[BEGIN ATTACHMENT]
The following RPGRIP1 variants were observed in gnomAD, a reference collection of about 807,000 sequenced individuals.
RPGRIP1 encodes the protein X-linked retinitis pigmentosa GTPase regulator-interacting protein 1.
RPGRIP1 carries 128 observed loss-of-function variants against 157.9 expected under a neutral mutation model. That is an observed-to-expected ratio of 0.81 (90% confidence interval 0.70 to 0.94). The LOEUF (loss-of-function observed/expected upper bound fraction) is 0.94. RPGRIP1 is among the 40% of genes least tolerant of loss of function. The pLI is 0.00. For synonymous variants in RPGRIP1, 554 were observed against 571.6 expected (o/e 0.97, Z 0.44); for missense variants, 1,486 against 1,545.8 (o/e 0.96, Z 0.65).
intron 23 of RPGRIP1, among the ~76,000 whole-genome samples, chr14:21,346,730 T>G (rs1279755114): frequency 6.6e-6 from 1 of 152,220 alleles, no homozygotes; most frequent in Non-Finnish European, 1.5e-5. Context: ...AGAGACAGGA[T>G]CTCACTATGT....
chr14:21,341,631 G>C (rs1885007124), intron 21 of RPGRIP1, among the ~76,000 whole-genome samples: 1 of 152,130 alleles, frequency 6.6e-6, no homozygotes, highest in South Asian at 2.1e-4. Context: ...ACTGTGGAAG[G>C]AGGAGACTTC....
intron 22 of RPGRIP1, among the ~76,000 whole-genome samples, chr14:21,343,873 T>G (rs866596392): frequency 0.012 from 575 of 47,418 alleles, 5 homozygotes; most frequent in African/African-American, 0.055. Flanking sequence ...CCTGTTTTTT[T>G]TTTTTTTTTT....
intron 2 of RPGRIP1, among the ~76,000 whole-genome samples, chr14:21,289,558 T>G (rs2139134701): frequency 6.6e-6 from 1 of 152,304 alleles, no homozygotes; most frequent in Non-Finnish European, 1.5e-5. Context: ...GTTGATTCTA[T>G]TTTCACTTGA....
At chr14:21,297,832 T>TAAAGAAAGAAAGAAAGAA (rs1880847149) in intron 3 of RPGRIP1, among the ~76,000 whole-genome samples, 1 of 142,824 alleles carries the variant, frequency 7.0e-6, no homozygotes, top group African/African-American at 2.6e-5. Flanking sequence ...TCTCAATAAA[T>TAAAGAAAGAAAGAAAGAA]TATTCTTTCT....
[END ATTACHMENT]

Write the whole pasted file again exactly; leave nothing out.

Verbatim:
The following RPGRIP1 variants were observed in gnomAD, a reference collection of about 807,000 sequenced individuals.
RPGRIP1 encodes the protein X-linked retinitis pigmentosa GTPase regulator-interacting protein 1.
RPGRIP1 carries 128 observed loss-of-function variants against 157.9 expected under a neutral mutation model. That is an observed-to-expected ratio of 0.81 (90% confidence interval 0.70 to 0.94). The LOEUF (loss-of-function observed/expected upper bound fraction) is 0.94. RPGRIP1 is among the 40% of genes least tolerant of loss of function. The pLI is 0.00. For synonymous variants in RPGRIP1, 554 were observed against 571.6 expected (o/e 0.97, Z 0.44); for missense variants, 1,486 against 1,545.8 (o/e 0.96, Z 0.65).
intron 23 of RPGRIP1, among the ~76,000 whole-genome samples, chr14:21,346,730 T>G (rs1279755114): frequency 6.6e-6 from 1 of 152,220 alleles, no homozygotes; most frequent in Non-Finnish European, 1.5e-5. Context: ...AGAGACAGGA[T>G]CTCACTATGT....
chr14:21,341,631 G>C (rs1885007124), intron 21 of RPGRIP1, among the ~76,000 whole-genome samples: 1 of 152,130 alleles, frequency 6.6e-6, no homozygotes, highest in South Asian at 2.1e-4. Context: ...ACTGTGGAAG[G>C]AGGAGACTTC....
intron 22 of RPGRIP1, among the ~76,000 whole-genome samples, chr14:21,343,873 T>G (rs866596392): frequency 0.012 from 575 of 47,418 alleles, 5 homozygotes; most frequent in African/African-American, 0.055. Flanking sequence ...CCTGTTTTTT[T>G]TTTTTTTTTT....
intron 2 of RPGRIP1, among the ~76,000 whole-genome samples, chr14:21,289,558 T>G (rs2139134701): frequency 6.6e-6 from 1 of 152,304 alleles, no homozygotes; most frequent in Non-Finnish European, 1.5e-5. Context: ...GTTGATTCTA[T>G]TTTCACTTGA....
At chr14:21,297,832 T>TAAAGAAAGAAAGAAAGAA (rs1880847149) in intron 3 of RPGRIP1, among the ~76,000 whole-genome samples, 1 of 142,824 alleles carries the variant, frequency 7.0e-6, no homozygotes, top group African/African-American at 2.6e-5. Flanking sequence ...TCTCAATAAA[T>TAAAGAAAGAAAGAAAGAA]TATTCTTTCT....